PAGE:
Glyn I'm surprised your writing group didn't want to discuss this. It makes such a difference in the writing of a book. I, like Adele, have had to change a section of a book from first to third and it changes the entire tone of the book. This matters too not just perspective and whose head you're in and what you have access too.

I put the term expat in quotes as it's a word I tend to raise hackles over. I hate to be called it myself. I was born in USA but am now a citizen of Botswana and have no interest whatsoever in living in the land of my birth again. Expat, at least in Bots and likely most of Africa, is very linked with colonialism.

But it rang true Deborah's position in Clash of the Innocents- maybe we all initially run, away or to as Sue has clarified, I'm not sure which applies to me. In many ways once I got here I felt for the first time in my life- at home, so perhaps I was running to.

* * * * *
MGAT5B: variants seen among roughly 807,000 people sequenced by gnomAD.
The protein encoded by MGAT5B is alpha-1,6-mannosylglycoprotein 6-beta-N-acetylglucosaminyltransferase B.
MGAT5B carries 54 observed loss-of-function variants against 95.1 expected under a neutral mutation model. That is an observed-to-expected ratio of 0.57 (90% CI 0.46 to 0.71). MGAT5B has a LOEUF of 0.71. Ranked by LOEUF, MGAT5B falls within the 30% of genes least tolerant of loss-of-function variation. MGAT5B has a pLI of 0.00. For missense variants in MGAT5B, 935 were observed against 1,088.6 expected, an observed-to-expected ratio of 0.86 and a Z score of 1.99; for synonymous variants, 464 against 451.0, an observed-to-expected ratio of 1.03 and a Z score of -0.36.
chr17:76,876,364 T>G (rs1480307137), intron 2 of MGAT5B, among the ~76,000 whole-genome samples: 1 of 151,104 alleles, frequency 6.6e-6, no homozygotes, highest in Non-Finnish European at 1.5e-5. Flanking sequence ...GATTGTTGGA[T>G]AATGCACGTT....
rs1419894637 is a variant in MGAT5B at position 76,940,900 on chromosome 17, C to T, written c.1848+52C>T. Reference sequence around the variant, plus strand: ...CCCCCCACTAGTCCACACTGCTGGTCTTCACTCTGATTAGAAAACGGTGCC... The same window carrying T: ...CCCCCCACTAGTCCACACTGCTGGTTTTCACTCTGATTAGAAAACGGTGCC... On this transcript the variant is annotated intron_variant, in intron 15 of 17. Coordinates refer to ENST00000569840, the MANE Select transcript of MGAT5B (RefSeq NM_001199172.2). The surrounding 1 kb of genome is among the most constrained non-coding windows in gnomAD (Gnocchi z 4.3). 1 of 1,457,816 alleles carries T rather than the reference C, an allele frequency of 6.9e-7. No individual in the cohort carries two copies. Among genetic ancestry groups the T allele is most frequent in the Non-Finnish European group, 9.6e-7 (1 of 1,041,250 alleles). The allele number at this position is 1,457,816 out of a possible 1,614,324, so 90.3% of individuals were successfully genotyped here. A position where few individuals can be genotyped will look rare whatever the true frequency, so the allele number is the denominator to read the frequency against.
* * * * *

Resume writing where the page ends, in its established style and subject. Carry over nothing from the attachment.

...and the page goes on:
Glyn Pope said...

Lauri, I hate being called an expat or Brit. I hate the way British people around me still have to send to the UK for their bacon and sausages. Why didn't they just retire to Brighton? I live in France because it is beautiful. I'm the last cottage in a village. I look out onto miles and miles of countryside. But not because I love France, I'm not a Francophile. I'm a European.

Sue Guiney said...

Great discussion, everyone. 1 last thing from me - now that I'm thinking about structure for a new book, I find myself thinking of doing things that are "fun" or "clever" etc, rather than making a choice because it works best for a book. Maybe you don't really know until you're in the middle of it. But the thought of starting 1 way and changing it to another - yikes! I did that with my 1st novel and it took me 9 years to write. I'd rather not have to do that again :-)

Lauri said...

Glyn I know exactly what you mean. I used to get family in USA always asking me what they should send me. I felt like you if I wanted to import everything from USA than why live in Bots?

Anonymous said...

I also enjoyed the discussion on first person vs third person. What a wonderful and inspiring writer you are, Sue. I wish you every success with your book and hope you enjoy the rest of your tour.

Glyn Pope said...

Yesterday most of the afternoon at my writers group was spent discussing the fist, third, second, fourth and omnipresent writing person. It was a fascinating discussion. I can see my children yawning now and saying, 'Yeh, right on Dad!'